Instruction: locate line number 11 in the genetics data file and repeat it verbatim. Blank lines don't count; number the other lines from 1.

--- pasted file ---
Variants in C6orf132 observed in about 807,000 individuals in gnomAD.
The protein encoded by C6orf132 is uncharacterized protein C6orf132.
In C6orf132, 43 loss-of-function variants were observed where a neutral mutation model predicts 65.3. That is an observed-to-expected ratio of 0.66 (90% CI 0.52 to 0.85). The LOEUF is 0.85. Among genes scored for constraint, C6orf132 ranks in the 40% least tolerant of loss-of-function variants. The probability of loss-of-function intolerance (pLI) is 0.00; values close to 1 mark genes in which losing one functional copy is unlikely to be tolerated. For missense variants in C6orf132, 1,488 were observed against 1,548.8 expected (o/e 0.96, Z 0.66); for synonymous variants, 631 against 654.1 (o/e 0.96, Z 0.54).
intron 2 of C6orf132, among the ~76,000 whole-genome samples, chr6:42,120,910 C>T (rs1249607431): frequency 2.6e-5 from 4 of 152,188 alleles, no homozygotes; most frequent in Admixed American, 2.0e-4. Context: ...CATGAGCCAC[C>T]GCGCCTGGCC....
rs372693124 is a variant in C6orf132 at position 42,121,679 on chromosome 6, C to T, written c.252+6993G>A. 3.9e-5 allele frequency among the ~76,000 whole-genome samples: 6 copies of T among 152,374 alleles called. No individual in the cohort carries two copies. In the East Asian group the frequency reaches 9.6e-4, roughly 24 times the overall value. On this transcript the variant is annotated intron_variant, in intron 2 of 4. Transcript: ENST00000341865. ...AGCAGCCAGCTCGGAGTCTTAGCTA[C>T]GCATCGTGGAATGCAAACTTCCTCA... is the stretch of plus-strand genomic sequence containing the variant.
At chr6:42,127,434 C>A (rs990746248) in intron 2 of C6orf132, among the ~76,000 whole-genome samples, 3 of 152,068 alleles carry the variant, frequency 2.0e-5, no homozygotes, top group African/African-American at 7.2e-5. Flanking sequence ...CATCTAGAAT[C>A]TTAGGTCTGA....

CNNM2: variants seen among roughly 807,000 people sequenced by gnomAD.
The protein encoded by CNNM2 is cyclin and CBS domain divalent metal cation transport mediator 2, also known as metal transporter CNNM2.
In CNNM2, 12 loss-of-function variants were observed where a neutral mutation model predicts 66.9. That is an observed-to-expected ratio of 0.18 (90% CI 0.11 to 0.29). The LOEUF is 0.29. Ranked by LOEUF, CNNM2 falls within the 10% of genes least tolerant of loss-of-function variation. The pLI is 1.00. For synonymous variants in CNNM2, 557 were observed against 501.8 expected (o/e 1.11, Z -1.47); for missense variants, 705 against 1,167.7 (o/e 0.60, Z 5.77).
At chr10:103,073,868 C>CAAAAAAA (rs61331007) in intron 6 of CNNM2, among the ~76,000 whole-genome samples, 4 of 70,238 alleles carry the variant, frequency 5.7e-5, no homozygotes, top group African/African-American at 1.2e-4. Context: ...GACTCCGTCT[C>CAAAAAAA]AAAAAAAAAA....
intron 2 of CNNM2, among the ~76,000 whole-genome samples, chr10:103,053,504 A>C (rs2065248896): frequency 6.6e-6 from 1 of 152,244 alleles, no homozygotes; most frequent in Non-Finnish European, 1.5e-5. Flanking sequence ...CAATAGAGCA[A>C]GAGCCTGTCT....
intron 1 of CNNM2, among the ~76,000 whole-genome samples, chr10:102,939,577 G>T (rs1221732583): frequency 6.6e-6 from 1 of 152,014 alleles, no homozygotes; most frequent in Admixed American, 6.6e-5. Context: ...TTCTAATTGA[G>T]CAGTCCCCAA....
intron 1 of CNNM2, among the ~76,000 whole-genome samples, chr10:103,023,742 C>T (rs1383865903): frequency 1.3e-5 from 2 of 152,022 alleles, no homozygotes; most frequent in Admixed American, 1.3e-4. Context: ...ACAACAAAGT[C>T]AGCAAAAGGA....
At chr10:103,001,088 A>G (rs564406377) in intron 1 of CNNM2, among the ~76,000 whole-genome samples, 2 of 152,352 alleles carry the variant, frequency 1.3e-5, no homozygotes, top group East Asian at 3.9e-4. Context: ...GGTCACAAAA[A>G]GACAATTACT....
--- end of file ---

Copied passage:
intron 2 of CNNM2, among the ~76,000 whole-genome samples, chr10:103,053,504 A>C (rs2065248896): frequency 6.6e-6 from 1 of 152,244 alleles, no homozygotes; most frequent in Non-Finnish European, 1.5e-5. Flanking sequence ...CAATAGAGCA[A>C]GAGCCTGTCT....